A thirty-year-old female had immediate replacement dentures made by a general practitioner and her teeth extracted and the dentures fitted under general anaesthetic by her local oral surgeon three months previously. Anterior and posterior teeth had been extracted and no attempt had been made to smooth or shape the ridges. Both dentures were constructed with gum fitted anterior teeth without labial flanges. This treatment differs from traditional immediate replacement complete denture teaching. Traditionally, when possible the posterior teeth would have been extracted first and then once there had been a period of healing the immediate replacement complete dentures would have been made replacing the remaining anterior teeth. A trans-septal alveolotomy would have been performed, which would reduce the labial undercut on the edentulous ridge so that the denture could have a labial flange which would enable a border seal to be established to enhance retention but would not displace the lip. Care would have been taken to ensure that the fit surface of the denture would reflect the change in ridge shape that would follow healing. The divergence of this treatment management from a traditional approach raises important questions. In the past oral surgeons were well versed in pre-prosthetic surgery. As demand for this type of treatment has declined, so has the opportunity for oral surgery trainees, who themselves may have limited experience in prosthetic dentistry, to learn the techniques involved. Teaching of this form of removable prosthetic dentistry has been reduced reflecting the reduced frequency of this presenting condition.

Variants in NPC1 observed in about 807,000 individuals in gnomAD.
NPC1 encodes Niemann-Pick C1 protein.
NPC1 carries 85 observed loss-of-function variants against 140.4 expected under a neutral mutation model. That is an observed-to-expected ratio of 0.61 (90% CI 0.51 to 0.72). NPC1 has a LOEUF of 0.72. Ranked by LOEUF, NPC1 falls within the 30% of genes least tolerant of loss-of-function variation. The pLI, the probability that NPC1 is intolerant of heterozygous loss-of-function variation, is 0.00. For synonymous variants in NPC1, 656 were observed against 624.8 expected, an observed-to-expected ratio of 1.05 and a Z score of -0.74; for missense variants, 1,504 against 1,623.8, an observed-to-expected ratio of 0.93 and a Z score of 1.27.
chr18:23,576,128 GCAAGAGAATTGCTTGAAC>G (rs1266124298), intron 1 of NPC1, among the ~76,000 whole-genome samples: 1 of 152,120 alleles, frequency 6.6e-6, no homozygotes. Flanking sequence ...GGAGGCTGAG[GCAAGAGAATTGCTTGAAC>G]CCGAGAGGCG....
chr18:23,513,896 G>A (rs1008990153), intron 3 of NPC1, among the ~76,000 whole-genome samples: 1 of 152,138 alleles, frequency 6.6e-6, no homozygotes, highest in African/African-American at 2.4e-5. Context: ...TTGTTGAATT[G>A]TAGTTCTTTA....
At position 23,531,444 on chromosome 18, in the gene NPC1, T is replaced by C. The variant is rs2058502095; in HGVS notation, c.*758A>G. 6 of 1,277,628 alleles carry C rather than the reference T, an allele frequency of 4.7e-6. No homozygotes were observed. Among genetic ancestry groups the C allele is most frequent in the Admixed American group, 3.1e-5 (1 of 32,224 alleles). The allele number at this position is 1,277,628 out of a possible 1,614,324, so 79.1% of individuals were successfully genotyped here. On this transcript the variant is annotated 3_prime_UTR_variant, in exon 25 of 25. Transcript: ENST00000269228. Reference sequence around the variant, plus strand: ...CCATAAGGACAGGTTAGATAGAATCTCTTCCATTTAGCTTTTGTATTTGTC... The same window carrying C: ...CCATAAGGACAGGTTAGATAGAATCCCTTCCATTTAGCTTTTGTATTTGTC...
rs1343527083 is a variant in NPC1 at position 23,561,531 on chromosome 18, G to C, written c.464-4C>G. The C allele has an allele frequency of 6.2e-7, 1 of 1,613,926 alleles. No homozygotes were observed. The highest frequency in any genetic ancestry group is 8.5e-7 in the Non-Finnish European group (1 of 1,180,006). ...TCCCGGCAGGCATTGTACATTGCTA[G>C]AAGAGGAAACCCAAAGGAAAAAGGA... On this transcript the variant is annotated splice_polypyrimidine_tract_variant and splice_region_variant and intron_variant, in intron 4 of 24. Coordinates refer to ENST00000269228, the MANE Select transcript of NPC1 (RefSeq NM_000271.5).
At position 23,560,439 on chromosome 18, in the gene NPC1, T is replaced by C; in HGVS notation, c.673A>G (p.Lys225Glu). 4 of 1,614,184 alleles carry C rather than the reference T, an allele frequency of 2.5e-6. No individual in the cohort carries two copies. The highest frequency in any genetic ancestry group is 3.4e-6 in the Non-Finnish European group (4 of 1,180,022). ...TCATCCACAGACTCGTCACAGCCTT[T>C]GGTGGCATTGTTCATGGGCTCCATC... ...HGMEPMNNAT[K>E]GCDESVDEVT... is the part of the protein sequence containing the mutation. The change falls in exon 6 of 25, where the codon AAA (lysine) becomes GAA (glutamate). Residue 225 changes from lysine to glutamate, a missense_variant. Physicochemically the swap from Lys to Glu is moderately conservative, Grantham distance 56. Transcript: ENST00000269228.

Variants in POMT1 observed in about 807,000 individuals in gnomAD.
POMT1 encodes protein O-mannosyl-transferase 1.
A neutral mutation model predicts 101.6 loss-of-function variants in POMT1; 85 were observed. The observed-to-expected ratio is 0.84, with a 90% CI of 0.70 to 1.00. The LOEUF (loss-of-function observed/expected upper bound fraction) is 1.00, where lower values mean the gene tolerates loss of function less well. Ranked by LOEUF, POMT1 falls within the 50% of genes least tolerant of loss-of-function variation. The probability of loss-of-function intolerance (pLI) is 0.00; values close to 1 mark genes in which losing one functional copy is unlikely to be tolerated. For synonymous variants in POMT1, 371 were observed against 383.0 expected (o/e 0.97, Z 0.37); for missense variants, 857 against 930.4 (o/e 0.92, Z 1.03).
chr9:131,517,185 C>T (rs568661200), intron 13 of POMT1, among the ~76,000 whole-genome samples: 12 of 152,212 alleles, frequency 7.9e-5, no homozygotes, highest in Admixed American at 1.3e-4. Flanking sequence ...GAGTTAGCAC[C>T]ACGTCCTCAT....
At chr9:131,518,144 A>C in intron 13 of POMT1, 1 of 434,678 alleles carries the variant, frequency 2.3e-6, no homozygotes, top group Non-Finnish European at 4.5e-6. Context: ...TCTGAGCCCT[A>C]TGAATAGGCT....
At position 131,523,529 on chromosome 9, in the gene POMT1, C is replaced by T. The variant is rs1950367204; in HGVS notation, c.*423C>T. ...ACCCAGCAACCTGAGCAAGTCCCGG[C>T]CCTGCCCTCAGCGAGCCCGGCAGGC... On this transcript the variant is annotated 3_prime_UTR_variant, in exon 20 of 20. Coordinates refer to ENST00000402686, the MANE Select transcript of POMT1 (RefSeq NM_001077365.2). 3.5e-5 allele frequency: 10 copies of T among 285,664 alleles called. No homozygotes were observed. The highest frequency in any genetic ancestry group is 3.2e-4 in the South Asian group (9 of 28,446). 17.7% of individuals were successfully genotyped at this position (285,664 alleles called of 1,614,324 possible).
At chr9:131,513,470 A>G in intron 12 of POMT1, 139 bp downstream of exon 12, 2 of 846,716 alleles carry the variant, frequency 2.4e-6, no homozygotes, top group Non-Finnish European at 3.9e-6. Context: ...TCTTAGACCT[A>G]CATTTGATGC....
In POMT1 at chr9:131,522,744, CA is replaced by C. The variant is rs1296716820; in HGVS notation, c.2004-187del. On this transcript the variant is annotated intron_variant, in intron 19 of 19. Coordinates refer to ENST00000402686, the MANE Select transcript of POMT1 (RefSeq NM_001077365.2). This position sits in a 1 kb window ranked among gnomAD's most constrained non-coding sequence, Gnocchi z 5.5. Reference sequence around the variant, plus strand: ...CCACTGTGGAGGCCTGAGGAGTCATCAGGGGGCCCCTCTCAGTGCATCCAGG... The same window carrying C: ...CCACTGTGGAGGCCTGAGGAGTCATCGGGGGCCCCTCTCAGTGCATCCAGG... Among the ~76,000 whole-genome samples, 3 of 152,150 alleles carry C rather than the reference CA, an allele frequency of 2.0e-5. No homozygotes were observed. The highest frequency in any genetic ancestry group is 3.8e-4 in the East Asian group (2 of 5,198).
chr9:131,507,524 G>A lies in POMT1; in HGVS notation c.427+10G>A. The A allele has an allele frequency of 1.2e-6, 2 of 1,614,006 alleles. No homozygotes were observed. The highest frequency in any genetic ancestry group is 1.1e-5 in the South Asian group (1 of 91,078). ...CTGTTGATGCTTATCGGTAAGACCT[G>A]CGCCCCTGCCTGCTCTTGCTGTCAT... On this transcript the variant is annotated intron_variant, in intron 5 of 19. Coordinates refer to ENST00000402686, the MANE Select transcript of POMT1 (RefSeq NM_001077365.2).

|European Journal of Prosthodontics and Restorative Dentistry
|Published - Sept 2011